(a) statistical evidence either original or in rebuttal; (b) documentary evidence, such as materials relating to the planning and conduct of the RIF; (c) anecdotal evidence in rebuttal and otherwise; and (d) illustrative testimony that Roche managers complied with the law when making termination decisions.
Bifurcation Opinion at 11-12 (emphasis in original).
The Special Master's opinions make clear that two things are at stake in the resolution of these motions: (1) whether the plaintiffs will have an opportunity to demonstrate a pattern or practice of discrimination, and thereby, if so demonstrated, benefit from the resulting shift to Roche of the burden of persuasion on the issue of whether individual plaintiffs were victims of discrimination; and (2) assuming that plaintiffs have the opportunity to prove a pattern or practice of discrimination, in what manner will this issue be litigated. Thus, the threshold issue is whether or not, as a matter of law, there is a viable pattern-or-practice claim in this case.
As discussed above, before the Special Master, Roche made two arguments in support of its assertion that there is no pattern-or-practice claim in this case -- (1) pattern-or-practice claims are only appropriate where the class plaintiffs seek to enjoin the defendant from engaging in existing or threatened discriminatory behavior; and (2) a "one-shot" event cannot constitute a pattern or practice of discrimination. Due to the granting of plaintiffs' request pursuant to Rule 56(f), there is a third issue before the court -- whether or not, given the "full panoply" of plaintiffs' pattern-or-practice evidence, a reasonable jury could find that Roche engaged in a pattern or practice of discrimination.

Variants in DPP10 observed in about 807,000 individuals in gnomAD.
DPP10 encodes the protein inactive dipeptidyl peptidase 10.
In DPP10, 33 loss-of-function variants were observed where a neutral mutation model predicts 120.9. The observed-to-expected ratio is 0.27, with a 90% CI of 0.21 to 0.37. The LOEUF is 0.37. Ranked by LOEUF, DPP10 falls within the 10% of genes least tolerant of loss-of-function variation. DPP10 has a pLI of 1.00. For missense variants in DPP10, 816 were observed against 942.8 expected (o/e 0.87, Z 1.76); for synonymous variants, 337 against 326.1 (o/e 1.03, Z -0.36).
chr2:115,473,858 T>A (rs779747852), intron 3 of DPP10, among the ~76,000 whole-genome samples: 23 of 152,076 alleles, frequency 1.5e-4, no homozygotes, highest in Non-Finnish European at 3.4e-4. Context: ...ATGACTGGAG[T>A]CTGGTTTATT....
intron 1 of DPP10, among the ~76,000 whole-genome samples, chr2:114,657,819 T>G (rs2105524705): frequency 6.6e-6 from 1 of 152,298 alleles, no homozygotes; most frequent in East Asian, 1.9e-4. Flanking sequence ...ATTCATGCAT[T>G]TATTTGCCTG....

II Summary Judgment Standard
Federal Rule of Civil Procedure 56 provides that summary judgment may be granted only if the pleadings, supporting papers, affidavits, and admissions on file, when viewed with all inferences in favor of the nonmoving party, demonstrate that there is no genuine issue of material fact and that the movant is entitled to judgment as a matter of law. Fed. R.Civ. P. 56(c). See also Todaro v. Bowman, 872 F.2d 43, 46 (3d Cir. 1989); Chipollini v. Spencer Gifts, Inc., 814 F.2d 893, 896 (3d Cir.), cert. dism'd, 483 U.S. 1052 (19877. The substantive law will identify which facts are "material." Anderson v. Liberty Lobby, Inc., 477 U.S. 242, 247-248, 91 L. Ed. 2d 202, 106 S. Ct. 2505 (1986). Therefore, "Only disputes over facts that might affect the outcome of the suit under the governing law will properly preclude the entry of summary judgment." Id. An issue is "genuine" if a reasonable jury could possibly hold in the nonmovant's favor with regard to that issue. Id.